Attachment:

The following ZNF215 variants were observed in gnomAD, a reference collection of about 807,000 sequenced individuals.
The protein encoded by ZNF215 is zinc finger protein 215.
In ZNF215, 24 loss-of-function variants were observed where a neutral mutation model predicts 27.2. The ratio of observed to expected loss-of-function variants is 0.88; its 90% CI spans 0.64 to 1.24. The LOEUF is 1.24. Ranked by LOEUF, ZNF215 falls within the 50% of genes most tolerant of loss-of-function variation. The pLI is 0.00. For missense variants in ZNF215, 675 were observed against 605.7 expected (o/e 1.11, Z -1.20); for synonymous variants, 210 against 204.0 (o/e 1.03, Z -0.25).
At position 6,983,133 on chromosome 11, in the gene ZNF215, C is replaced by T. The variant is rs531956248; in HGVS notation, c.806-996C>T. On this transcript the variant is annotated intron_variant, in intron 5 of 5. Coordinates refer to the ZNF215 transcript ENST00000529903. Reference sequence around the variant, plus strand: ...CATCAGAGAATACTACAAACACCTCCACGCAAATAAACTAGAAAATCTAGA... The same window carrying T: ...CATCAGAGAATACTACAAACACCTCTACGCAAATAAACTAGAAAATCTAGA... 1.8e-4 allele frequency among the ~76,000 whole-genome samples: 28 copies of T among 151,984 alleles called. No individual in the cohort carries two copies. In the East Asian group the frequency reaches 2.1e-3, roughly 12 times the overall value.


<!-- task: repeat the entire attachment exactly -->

The following ZNF215 variants were observed in gnomAD, a reference collection of about 807,000 sequenced individuals.
The protein encoded by ZNF215 is zinc finger protein 215.
In ZNF215, 24 loss-of-function variants were observed where a neutral mutation model predicts 27.2. The ratio of observed to expected loss-of-function variants is 0.88; its 90% CI spans 0.64 to 1.24. The LOEUF is 1.24. Ranked by LOEUF, ZNF215 falls within the 50% of genes most tolerant of loss-of-function variation. The pLI is 0.00. For missense variants in ZNF215, 675 were observed against 605.7 expected (o/e 1.11, Z -1.20); for synonymous variants, 210 against 204.0 (o/e 1.03, Z -0.25).
At position 6,983,133 on chromosome 11, in the gene ZNF215, C is replaced by T. The variant is rs531956248; in HGVS notation, c.806-996C>T. On this transcript the variant is annotated intron_variant, in intron 5 of 5. Coordinates refer to the ZNF215 transcript ENST00000529903. Reference sequence around the variant, plus strand: ...CATCAGAGAATACTACAAACACCTCCACGCAAATAAACTAGAAAATCTAGA... The same window carrying T: ...CATCAGAGAATACTACAAACACCTCTACGCAAATAAACTAGAAAATCTAGA... 1.8e-4 allele frequency among the ~76,000 whole-genome samples: 28 copies of T among 151,984 alleles called. No individual in the cohort carries two copies. In the East Asian group the frequency reaches 2.1e-3, roughly 12 times the overall value.